Online Resources About the Summer of 1919

A digital archive, map, and timeline of riots and lynchings across the United States in 1919

Chicago 1919: Confronting the Race Riots

EJI: Red Summer 1919

The Chicago History Museum and the DuSable Museum Event

The Chicago History Museum and the DuSable Museum of African American History come together to remember the historic events of the summer of 1919. Featuring artists and historians, this event recalls the 1919 race riots that forever changed Chicago’s sociopolitical atmosphere. As we reflect on their tragic legacy, we honor the life of Eugene Williams and others affected by police brutality and segregation.

Meet at Margaret T. Burroughs Beach, 3100 South Lake Shore Drive

Free and open to the public. No RSVPs needed.

SCHEDULE
MCs:
Nancy Villafranca – Chicago History Museum, Director of Education
Erica Griffin – DuSable Museum, Director of Education

3:00–4:15 p.m.
Welcome
Julius L. Jones
Lethal Poetry, After School Matters, DuSable Museum
Momma Kemba as Ida B. Wells
Avery R. Young
Red Clay Dance Company

4:15–5:00 p.m.
FLOAT
FLOAT by Jefferson Pinder and A.J. McClenon is a simple act in the remembrance of the riots of that summer a hundred years ago. Over 100 participants will peacefully drift across a historic invisible racial barrier using inflatables, reactivating and reclaiming a site of violence. While the participants are floating in the lake, at the exact time in which Eugene Williams was stoned to death in the water, a soundscape will draw the participants and the audience into a shared meditative moment.

 

 

Juneteenth: A Commemoration of Black Independence

Juneteenth: A Commemoration of Black Independence

Video Courtesy of AL.com


Today Twitter, Facebook, Instagram; even parks and some backyards are overflowing with the celebration of “Juneteenth.”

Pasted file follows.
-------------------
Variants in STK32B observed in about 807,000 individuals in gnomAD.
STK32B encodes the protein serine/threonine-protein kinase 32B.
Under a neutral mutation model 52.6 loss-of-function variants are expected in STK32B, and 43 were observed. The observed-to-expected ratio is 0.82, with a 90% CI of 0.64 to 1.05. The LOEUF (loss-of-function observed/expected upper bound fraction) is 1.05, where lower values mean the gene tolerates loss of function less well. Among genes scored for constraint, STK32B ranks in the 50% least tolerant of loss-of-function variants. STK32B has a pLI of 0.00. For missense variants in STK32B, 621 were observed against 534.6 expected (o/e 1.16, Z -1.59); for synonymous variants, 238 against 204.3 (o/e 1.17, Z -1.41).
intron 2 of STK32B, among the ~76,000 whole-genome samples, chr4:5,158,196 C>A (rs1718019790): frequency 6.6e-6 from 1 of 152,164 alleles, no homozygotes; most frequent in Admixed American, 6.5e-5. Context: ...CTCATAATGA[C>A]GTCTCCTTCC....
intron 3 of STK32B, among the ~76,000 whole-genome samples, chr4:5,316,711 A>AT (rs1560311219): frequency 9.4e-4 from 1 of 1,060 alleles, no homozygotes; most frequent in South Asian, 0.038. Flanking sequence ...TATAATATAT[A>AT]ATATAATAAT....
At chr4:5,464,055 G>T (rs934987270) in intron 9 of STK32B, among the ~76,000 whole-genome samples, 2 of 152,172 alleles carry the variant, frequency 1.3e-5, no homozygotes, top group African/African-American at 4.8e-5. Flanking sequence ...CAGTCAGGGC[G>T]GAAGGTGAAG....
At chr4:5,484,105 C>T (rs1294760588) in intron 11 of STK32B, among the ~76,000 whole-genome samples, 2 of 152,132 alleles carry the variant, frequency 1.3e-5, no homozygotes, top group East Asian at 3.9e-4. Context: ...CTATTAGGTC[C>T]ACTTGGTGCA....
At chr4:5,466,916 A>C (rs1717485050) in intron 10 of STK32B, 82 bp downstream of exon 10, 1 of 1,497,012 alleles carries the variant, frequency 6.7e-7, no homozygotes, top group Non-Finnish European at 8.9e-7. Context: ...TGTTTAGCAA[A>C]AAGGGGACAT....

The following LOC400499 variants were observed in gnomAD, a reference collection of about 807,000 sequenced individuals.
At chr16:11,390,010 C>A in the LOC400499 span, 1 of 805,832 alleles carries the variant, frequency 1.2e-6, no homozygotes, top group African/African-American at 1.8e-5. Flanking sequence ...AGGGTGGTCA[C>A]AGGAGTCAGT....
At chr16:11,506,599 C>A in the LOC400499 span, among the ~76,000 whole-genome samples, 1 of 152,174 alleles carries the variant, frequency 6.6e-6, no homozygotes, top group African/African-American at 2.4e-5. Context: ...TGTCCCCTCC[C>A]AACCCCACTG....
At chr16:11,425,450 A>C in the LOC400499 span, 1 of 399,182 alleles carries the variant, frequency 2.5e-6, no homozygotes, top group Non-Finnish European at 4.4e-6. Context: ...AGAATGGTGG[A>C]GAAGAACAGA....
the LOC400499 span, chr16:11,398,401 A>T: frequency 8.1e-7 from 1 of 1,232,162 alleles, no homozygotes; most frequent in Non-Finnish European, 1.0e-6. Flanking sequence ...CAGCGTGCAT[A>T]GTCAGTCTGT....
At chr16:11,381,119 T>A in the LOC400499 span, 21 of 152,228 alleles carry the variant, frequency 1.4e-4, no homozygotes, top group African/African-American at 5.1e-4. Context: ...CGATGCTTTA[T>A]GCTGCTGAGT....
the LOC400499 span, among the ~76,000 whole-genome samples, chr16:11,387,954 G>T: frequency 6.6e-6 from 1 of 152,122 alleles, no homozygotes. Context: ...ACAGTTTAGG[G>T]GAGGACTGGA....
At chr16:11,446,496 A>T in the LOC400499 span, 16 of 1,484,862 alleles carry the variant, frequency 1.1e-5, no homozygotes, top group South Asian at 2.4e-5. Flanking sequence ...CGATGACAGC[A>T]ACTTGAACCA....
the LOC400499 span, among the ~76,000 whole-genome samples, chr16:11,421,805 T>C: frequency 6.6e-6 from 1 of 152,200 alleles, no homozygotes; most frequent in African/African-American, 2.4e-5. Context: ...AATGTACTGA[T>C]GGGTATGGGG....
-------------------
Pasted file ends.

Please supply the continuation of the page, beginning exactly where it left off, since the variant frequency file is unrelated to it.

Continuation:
What is it, exactly?

juneteenth-resize

Juneteenth Celebration in Texas, June 19, 1900 (Photo Credit: Austin History Center, Austin Public Library)

Juneteenth is the oldest known celebration that commemorates the actual ending of slavery in the United States. Although President Lincoln signed The Emancipation Proclamation on January 1, 1863, it was not until June 19, 1865 that the Union soldiers, led by General Gordon Granger, landed at Galveston, TX, with news that the war ended and the enslaved were free at last!

The Emancipation Proclamation had very little impact on Texas in 1863 due to the minimal number of Union troops in that area to enforce the new Executive Order. Of course some questioned President Lincoln’s authority over the rebellious states, but for whatever reason conditions in Texas remained the same well beyond what was statutory. However, with the surrender of General Lee in April of 1865, and with the arrival of General Granger’s regiment, the forces finally had enough strength to overcome the resistance.

Today, Juneteenth is experiencing an extreme growth rate within communities and organizations around the country. The Smithsonian, the Henry Ford Museum, and a few other organizations have begun sponsoring Juneteenth –centered activities. It currently celebrates African American freedom and achievement, encourages continuous self-development and respect for all cultures. Although the historic day is celebrated mostly in Texas, it is now taking on a more national and even more global perspective.

If you didn’t know your history before, now you know!

For more information on Juneteenth visit Juneteenth.com